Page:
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GenNext aircraft in DRDO pipeline
The Defence Research and Development Laboratory here has begun work on a next-generation aircraft that would fly at hypersonic speeds, that is, seven to ten times faster than the speed of present aircraft. This aircraft would be four times faster than the Concorde, which used to fly between London and New York.

This means that once this aircraft is operational, a Hyderabad-Delhi flight that takes two hours now would be completed in about 15 to 20 minutes. The premier laboratory is home to the nation’s prestigious missile programme which includes the Brahmos, Prithvi, Akash, Trishul, Nag and Astra. “This month, we have established a sophisticated engine test complex to test the engine on the ground,” DRDL director Mr Prahalad told The Statesman. This computerised system would test 10 engines in the next one and a half years.

“Engines would be made here. We are in the process of developing them,” he added.
Presently, supersonic aircraft fly at around 1,000 km per hour at an altitude of 10 km.

He said his aim was to fly at hypersonic speeds, that is, above 4,500 km per hour. Or perhaps even higher. “I want to fly at least at 7,000 km per hour at an altitude of 30 km,” Mr Prahalad said.

Towards this end, Mr Prahalad has constituted a specialist core team comprising 35 of the DRDL’s best scientists. One fifty more are directly associated with the project. This team is already in the process of working out the aerodynamics, structures, engines, materials, needed for this aircraft to take off.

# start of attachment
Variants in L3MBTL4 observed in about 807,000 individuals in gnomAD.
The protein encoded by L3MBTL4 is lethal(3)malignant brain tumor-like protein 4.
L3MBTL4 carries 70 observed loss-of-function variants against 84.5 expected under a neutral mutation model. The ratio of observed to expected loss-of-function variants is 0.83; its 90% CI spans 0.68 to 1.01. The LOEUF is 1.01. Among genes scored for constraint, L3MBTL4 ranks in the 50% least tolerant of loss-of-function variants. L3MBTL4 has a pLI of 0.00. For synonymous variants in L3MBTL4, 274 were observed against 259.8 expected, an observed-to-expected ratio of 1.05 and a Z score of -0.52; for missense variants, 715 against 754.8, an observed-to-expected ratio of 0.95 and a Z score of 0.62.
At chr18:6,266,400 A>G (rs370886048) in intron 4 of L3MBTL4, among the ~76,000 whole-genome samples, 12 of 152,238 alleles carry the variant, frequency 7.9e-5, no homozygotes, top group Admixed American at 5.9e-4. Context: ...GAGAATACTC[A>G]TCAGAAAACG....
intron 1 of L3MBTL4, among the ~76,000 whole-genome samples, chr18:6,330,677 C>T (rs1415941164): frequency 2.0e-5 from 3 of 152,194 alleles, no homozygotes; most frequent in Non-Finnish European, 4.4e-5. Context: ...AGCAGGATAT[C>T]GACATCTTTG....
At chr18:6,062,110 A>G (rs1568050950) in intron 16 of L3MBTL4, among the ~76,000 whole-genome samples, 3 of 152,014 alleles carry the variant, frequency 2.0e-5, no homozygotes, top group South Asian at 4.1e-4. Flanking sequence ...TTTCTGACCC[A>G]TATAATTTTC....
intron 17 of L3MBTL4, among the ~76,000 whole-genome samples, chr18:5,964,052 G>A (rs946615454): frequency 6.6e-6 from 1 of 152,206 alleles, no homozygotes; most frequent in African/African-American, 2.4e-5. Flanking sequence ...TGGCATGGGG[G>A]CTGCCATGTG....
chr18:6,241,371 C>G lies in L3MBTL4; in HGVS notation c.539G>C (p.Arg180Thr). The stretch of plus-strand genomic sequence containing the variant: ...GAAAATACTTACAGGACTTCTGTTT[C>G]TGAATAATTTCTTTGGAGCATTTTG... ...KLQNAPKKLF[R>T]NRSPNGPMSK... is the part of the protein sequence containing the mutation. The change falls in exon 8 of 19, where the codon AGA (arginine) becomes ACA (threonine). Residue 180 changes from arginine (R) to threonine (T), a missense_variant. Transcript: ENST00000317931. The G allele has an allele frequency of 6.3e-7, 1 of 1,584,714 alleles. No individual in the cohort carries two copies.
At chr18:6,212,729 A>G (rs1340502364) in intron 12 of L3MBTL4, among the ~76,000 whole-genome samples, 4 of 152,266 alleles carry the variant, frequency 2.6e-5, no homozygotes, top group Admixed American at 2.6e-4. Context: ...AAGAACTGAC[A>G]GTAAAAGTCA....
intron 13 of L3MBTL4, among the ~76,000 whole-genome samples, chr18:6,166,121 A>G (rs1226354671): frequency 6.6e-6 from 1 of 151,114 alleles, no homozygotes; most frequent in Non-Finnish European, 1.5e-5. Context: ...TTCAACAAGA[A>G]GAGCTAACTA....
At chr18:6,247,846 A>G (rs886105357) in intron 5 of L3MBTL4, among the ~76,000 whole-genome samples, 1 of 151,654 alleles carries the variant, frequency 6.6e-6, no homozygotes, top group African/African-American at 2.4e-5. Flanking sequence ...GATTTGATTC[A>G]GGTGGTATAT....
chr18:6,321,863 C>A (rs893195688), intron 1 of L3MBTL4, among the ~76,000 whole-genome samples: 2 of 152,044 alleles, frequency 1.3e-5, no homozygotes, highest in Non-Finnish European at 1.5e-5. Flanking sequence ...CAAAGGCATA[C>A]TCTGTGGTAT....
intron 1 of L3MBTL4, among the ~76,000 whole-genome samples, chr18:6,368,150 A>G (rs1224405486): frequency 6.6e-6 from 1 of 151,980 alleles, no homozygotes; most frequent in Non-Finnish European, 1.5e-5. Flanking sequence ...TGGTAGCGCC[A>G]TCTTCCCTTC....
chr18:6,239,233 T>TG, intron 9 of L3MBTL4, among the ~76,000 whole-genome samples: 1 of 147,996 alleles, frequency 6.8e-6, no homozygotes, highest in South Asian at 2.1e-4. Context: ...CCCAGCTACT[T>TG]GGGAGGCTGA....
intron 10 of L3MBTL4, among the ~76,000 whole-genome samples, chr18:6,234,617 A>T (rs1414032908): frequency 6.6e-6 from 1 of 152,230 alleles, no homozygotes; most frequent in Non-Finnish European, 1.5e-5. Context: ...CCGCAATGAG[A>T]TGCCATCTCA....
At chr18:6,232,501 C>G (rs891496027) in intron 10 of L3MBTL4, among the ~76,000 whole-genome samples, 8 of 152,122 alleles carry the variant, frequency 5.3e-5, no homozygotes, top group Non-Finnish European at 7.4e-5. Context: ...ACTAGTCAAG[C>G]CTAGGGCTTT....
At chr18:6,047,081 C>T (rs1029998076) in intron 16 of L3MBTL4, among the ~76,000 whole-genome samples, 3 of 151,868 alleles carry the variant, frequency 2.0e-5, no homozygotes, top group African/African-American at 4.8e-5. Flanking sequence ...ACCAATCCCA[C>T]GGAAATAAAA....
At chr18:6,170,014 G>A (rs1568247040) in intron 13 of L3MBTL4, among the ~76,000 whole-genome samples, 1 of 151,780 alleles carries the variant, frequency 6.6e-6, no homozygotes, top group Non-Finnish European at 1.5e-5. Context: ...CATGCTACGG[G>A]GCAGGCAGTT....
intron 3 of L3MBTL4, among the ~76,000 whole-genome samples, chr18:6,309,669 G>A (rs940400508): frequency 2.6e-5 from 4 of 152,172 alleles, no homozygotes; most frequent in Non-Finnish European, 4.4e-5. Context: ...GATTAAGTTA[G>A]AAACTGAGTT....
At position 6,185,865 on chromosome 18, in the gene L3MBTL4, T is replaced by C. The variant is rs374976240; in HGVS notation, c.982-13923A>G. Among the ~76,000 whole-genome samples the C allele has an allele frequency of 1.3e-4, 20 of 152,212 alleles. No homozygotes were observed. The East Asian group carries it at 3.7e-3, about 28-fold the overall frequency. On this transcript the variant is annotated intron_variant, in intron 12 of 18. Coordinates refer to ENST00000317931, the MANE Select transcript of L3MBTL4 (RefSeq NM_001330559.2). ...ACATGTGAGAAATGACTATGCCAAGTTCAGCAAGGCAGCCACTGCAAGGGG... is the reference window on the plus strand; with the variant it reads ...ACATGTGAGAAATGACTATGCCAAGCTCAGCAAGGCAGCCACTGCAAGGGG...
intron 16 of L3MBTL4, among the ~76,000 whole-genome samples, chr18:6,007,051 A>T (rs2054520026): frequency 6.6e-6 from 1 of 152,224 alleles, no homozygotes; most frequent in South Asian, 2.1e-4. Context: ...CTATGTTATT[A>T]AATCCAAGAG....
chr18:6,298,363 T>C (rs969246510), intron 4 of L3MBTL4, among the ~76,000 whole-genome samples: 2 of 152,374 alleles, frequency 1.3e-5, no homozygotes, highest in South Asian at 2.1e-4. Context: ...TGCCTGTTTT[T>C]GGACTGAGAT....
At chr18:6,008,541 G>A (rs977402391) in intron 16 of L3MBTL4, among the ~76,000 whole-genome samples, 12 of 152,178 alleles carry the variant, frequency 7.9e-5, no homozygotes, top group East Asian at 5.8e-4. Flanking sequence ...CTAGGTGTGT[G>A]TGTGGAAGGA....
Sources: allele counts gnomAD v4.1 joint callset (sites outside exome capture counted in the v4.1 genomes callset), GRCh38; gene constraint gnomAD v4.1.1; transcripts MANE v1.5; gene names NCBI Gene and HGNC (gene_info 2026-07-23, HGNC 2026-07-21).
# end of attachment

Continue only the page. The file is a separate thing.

These elements are absolutely critical as hypersonic speeds cause rapid increase in temperatures because of the air flowing to the aircraft’s surface at several times the speed of sound.

“We are developing the technology needed to create a situation where hypersonic speeds are a reality. For this, both the science and the technology have to work. We are focussing on aerodynamics and system engineering,” Mr Prahalad explained.
Only three other countries — USA, China and Russia — are actively pursuing this concept.

“One of these four countries (including India) will succeed first,” he said. Given that the project is in its initial stage, Mr Prahalad refused to speculate on the costs involved. “There is sufficient money for research and development,” he said.



Posted by Jehangir Unwalla @ 6:48 AM

 

 
The global defense industry is constantly shaping how borders are protected, wars are fought, terrorists are tracked and caught, and global security maintained. We aim to track news, policy, military exercises and strategic affairs between the world's largest democracies - India and the United States.

Given the vast interest and passion we have in this field, we decided to launch this blog to give visitors the ability to track these developments, exchange ideas and link to other sources of Information. Our primary sources and links can be found on the main page. Some of the pieces published herein our ours, otherwise it is reproduced from other sources (news, think-tanks or publications) to provide our readers the ability to interact and respond. The link to the original source can always be found under the article. Articles and op-ed pieces written by us include thoughts and opinions that are ours, not those of any government or political party. Last but not least, this blog is not-for-profit, nor is it financially supported by any corporation, entity or organization. It is purely to be used for informational purposes and not commercial and/or profit motives.

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This blog focuses on current issues concerning defense and national security for the world's largest democracy - India. It is updated regularly providing readers with in-depth information on technology transfer, acquisitions, counter-terrorism, security and military collaboration and strategic dialogue between India and the United States. The site includes links to top defense policy & research institutes, think-tanks, military sites and research organizations.
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